zebra finch in captivity

How Long Do Zebra Finches Live in Captivity?

The zebra finch may just be the most popular finch for pet owners, not only because of its easy availability and affordable price tag but also because of its long history of being domesticated and it’s gorgeous color patterns.

Some of the best looking finches by far, zebra finches are a lot of fun to own as well. Highly social, highly active, and doing really well in pairs and small flocks it’s not hard to fall head over heels in love with everything that these beautiful birds bring to the table.

At the same, finches in general have a bit of a notorious reputation for not being quite as hardy or as long-lived as some of the other birds you might like to keep as a pet.

In the wild zebra finches lifespan is 5 years. However, in captivity, the average Zebra finch age is about seven years old. Some zebra finches can live as old as 12, with the oldest (on record) age of a zebra finch in captivity reaching nearly 14.5 years of age.

Below we dig a little deeper into the longevity you can expect from your zebra finches, how their lifecycle stacks up against other finches, and what you can do to help them lead happier and healthier lives as well.

Before we start… Are you looking for a cage for you Zebra Finches? Take a look at the GeoDome cage from Omlet ↗️

Let’s get right to it!

How Long Do Zebra Finches Live in Captivity?

Originally found in the wild of central Australia (and later exported throughout Southeast Asia), today it’s not hard to find wild zebra finches in far-flung locales like Puerto Rico and Portugal, too.

Zebra finches living in the wild can get as old as five years of age and very rarely any older than that, usually because they are so easily spotted by their natural predators due to their unique coloration.

In captivity, however, it’s not at all outrageous for zebra finches to live twice as long with an average age of about seven years old. Some zebra finches can live as old as 12, with the oldest (on record) age of a zebra finch in captivity reaching nearly 14.5 years of age.

A bunch of different factors come together to influence how old your zebra finch is going to get, though.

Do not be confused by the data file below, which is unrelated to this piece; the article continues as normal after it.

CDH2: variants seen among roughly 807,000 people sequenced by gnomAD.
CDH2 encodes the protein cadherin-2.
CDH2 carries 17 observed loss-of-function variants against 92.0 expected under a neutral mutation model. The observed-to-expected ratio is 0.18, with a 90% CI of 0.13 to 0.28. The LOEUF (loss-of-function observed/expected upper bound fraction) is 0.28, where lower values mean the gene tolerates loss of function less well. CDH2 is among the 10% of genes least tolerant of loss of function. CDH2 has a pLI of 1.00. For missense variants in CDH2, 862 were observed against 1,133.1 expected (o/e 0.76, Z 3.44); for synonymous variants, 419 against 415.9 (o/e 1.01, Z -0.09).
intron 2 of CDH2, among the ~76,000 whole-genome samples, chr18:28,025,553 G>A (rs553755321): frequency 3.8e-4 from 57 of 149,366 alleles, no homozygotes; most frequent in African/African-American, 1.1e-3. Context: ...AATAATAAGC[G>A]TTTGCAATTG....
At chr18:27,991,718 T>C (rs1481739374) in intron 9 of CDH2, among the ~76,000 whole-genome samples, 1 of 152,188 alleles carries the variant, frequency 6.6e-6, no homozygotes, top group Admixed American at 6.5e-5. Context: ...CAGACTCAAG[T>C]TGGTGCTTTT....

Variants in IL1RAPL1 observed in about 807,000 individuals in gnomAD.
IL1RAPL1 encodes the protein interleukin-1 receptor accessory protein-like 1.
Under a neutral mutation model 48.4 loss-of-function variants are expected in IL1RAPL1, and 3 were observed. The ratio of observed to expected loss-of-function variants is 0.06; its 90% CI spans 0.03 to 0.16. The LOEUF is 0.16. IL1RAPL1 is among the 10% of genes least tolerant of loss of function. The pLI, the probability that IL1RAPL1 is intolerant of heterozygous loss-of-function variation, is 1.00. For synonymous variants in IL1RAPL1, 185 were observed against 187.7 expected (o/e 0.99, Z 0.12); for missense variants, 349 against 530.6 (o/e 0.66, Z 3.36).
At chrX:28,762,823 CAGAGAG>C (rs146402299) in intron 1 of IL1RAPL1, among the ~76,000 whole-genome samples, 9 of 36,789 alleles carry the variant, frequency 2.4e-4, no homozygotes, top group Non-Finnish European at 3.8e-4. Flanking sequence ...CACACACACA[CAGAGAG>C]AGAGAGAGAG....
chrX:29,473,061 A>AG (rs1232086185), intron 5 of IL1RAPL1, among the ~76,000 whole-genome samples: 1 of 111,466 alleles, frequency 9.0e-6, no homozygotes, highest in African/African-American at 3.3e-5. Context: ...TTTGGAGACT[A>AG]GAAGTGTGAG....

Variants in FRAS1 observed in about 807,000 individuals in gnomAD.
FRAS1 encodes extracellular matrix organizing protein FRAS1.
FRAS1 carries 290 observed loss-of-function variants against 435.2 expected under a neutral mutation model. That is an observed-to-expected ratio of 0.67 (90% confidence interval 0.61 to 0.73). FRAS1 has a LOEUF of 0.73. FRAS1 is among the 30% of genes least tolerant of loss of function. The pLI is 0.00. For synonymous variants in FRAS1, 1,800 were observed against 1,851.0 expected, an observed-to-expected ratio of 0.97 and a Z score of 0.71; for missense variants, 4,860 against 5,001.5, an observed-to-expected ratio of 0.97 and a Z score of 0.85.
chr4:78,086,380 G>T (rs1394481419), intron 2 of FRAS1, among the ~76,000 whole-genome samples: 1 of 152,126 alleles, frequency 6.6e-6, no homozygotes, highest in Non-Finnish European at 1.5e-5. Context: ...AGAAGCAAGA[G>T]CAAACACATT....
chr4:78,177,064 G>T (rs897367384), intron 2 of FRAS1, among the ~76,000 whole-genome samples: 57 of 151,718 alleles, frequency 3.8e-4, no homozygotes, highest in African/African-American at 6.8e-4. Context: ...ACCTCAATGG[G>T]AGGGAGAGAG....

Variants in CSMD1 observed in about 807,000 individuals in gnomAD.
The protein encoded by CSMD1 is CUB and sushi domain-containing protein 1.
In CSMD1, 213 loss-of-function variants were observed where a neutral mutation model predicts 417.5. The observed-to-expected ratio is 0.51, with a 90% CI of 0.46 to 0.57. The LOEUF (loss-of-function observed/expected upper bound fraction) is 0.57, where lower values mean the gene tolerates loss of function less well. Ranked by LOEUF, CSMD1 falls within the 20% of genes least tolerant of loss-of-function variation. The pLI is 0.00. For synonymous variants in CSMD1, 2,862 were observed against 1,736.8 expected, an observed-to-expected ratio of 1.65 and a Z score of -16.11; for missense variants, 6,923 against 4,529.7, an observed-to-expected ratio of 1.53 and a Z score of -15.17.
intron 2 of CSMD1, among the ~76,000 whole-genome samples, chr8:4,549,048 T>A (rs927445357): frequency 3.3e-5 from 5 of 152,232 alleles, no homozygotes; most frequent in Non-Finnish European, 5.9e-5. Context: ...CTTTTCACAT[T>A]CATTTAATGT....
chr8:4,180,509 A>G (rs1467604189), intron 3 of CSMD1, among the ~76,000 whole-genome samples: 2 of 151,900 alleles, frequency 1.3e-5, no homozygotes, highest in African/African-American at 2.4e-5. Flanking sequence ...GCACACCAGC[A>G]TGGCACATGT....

The amount of space they have to themselves compared to the rest of the flock, the food that they eat on a regular basis the exercise that they get daily, and a number of other factors (including genetic issues) contribute significantly to how long a life your finch will live.

As a general rule, though, expect your zebra finches to make it to at least their fifth birthday – and often a lot longer than that!

Do Zebra Finches Live Longer or Shorter Lives Than Other Finches?

Zebra finches don’t necessarily lead longer or shorter lives than other types of finches, but are sort of in the “middle of the pack” as far as average lifespan is concerned.

House finches, for example, have an average lifespan of about 12 years. Asian Rosie finches, on the other hand, usually aren’t going to live any longer than five years.

Bengal finches live anywhere between four and eight years on average, with Cassin’s finches making it to seven years old (average) in captivity. Gouldian finches are generally going to make it to six years of age in captivity (so will Laysan finches) with Nihoa finches making it to the ripe old age of 11 years more often than not.

Purple finches have maybe the widest spread of “average lifespans” in the finch world, with some living for only two years on average and others living as long as 11 years.

a pair of finches
Never keep a single finch alone. Pairs or small groups is better for their health

How Can I Help My Finches Lead Long, Healthy Lives?

One of the most important things you need to do to keep your zebra finches happy and healthy is to protect them from a scaly face issue that can be caused by mites.

This medical condition can compromise their entire respiratory system a whole lot faster than you believe possible, which is why it has to be addressed ASAP. Zebra finches in specific are particularly prone to air-sac mite infections that cause the scaly face problems.

If you ever notice that your finches have difficulty breathing is a good idea to pencil in an emergency vet appointment straightaway. They’ll need medical intervention in a hurry to survive.

You also want to make sure that the diet and nutrition for your zebra finches are really dialed in.

Finches are a foraging species, always on the hunt for seeds, weeds, berries, pinecones, and other bits of food to pick up from the forest floor. It’s not a bad idea to feed them on the floor of your cage (but not under their purchase) so they can mimic the natural behavior that they tended towards.

You want to make sure that you’re providing them with a high quality diet that offers all the nutrition they need (usually powered by healthy grains and vegetables), mixing in a teaspoon or two of finch seed every single day.

Pellet food sources, millet sprays, and even some scrambled eggs every now and again can help to provide a boost to the daily nutrition your finch gets. Be smart about how you add these “extras”, though. You don’t want to go overboard – something easier to do than most assume, especially considering how small these finches are!

Final Thoughts: Zebra Finch lifespan

Keep all these details in mind and you’ll have no trouble getting your finches to at least five years old (and likely at least double that). Best of luck going forward with your new zebra finch flock!

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Hutch and Cage.com does not provide veterinary advice. Our aim is to provide the reader with information to enable them to make a good decision when making a purchase or caring for their pet. All content is therefore for informational purposes only. If you're concerned about the health of your pet you should seek medical advice from a vet.